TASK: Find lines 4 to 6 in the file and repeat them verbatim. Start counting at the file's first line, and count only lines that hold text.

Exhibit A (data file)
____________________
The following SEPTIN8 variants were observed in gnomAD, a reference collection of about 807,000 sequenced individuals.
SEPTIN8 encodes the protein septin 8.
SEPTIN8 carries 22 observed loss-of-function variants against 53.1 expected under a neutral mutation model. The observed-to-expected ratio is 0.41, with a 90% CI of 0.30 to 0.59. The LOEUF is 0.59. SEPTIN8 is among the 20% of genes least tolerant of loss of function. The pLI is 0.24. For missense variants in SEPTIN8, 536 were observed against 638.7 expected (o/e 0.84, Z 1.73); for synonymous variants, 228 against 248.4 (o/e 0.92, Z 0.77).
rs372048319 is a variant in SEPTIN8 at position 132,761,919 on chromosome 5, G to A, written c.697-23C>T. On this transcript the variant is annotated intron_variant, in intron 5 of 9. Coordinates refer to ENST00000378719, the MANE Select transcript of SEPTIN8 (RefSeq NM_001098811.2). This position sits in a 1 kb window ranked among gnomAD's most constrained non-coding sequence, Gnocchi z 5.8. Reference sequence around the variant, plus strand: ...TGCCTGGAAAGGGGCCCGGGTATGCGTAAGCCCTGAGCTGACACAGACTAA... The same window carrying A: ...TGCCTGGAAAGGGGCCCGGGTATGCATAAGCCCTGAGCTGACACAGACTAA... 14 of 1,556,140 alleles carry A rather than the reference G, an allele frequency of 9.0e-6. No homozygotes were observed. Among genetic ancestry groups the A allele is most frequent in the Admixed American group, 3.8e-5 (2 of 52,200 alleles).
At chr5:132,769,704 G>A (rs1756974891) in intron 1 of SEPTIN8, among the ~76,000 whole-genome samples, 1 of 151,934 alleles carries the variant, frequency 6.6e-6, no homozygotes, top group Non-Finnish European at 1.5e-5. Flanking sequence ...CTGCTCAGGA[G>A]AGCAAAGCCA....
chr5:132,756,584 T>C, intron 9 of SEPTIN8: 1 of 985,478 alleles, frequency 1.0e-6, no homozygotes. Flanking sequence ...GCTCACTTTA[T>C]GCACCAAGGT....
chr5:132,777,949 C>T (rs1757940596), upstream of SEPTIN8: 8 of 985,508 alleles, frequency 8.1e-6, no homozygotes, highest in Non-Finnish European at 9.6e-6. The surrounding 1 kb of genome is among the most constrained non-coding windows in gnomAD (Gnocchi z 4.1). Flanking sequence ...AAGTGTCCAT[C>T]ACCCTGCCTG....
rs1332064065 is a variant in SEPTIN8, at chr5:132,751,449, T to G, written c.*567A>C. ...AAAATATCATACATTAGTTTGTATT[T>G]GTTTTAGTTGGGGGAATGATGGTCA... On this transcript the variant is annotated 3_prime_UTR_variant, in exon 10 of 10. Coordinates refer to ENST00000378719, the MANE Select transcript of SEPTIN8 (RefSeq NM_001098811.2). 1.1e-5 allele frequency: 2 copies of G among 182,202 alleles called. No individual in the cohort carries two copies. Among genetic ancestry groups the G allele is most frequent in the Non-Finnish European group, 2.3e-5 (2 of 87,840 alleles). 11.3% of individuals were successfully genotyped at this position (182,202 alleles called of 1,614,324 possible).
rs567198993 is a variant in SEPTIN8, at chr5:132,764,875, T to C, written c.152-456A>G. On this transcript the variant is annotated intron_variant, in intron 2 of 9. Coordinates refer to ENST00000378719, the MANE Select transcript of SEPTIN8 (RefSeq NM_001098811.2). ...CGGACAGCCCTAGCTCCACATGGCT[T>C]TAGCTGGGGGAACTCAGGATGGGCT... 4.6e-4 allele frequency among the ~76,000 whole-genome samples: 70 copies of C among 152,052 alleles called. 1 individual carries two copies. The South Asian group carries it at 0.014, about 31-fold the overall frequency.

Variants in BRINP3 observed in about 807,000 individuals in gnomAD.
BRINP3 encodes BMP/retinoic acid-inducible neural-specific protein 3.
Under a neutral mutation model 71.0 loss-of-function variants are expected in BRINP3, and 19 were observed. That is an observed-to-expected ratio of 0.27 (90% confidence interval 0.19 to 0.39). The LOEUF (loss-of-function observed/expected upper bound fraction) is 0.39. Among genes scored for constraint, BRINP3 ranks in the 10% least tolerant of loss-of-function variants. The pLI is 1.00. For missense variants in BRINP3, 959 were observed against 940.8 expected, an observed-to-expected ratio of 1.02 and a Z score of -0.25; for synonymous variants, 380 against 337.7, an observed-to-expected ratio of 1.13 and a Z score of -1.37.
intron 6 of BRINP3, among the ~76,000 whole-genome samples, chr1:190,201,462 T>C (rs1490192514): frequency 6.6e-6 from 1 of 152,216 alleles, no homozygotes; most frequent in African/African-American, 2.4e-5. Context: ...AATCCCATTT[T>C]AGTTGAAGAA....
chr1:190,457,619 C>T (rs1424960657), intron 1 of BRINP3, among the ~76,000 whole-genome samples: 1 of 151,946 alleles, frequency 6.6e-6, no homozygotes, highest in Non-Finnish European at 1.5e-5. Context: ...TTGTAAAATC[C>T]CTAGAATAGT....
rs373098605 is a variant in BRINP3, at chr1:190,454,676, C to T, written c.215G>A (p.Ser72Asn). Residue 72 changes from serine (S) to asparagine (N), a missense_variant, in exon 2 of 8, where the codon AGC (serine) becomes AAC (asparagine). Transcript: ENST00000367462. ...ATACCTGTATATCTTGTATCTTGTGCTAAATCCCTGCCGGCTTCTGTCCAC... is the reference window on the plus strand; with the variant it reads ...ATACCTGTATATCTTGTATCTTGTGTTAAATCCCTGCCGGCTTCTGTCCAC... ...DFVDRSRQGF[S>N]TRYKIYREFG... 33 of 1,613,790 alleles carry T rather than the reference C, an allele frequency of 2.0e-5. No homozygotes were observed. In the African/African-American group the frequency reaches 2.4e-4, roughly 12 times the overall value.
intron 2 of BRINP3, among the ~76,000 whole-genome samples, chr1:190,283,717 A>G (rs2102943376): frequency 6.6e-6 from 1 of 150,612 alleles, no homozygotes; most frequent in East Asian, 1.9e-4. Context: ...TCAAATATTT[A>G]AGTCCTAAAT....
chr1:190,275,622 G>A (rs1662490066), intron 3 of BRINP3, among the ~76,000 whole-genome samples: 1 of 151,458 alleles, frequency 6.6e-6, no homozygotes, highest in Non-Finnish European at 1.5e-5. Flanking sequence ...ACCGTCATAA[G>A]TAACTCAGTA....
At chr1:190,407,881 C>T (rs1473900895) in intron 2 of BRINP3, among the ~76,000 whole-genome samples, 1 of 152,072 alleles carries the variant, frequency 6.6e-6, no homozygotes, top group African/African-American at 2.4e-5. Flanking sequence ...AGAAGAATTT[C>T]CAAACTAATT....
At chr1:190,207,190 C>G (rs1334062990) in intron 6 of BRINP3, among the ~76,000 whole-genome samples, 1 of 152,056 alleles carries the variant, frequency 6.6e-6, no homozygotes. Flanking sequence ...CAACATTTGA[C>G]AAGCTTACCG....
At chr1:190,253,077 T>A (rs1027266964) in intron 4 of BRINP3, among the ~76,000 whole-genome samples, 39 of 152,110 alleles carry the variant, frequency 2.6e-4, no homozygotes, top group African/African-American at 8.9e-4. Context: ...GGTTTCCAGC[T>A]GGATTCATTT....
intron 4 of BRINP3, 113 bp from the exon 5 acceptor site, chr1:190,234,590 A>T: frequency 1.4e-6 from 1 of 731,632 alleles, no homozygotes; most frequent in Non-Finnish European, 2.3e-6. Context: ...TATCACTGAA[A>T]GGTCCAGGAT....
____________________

rs372048319 is a variant in SEPTIN8 at position 132,761,919 on chromosome 5, G to A, written c.697-23C>T. On this transcript the variant is annotated intron_variant, in intron 5 of 9. Coordinates refer to ENST00000378719, the MANE Select transcript of SEPTIN8 (RefSeq NM_001098811.2). This position sits in a 1 kb window ranked among gnomAD's most constrained non-coding sequence, Gnocchi z 5.8. Reference sequence around the variant, plus strand: ...TGCCTGGAAAGGGGCCCGGGTATGCGTAAGCCCTGAGCTGACACAGACTAA... The same window carrying A: ...TGCCTGGAAAGGGGCCCGGGTATGCATAAGCCCTGAGCTGACACAGACTAA... 14 of 1,556,140 alleles carry A rather than the reference G, an allele frequency of 9.0e-6. No homozygotes were observed. Among genetic ancestry groups the A allele is most frequent in the Admixed American group, 3.8e-5 (2 of 52,200 alleles).
At chr5:132,769,704 G>A (rs1756974891) in intron 1 of SEPTIN8, among the ~76,000 whole-genome samples, 1 of 151,934 alleles carries the variant, frequency 6.6e-6, no homozygotes, top group Non-Finnish European at 1.5e-5. Flanking sequence ...CTGCTCAGGA[G>A]AGCAAAGCCA....
chr5:132,756,584 T>C, intron 9 of SEPTIN8: 1 of 985,478 alleles, frequency 1.0e-6, no homozygotes. Flanking sequence ...GCTCACTTTA[T>C]GCACCAAGGT....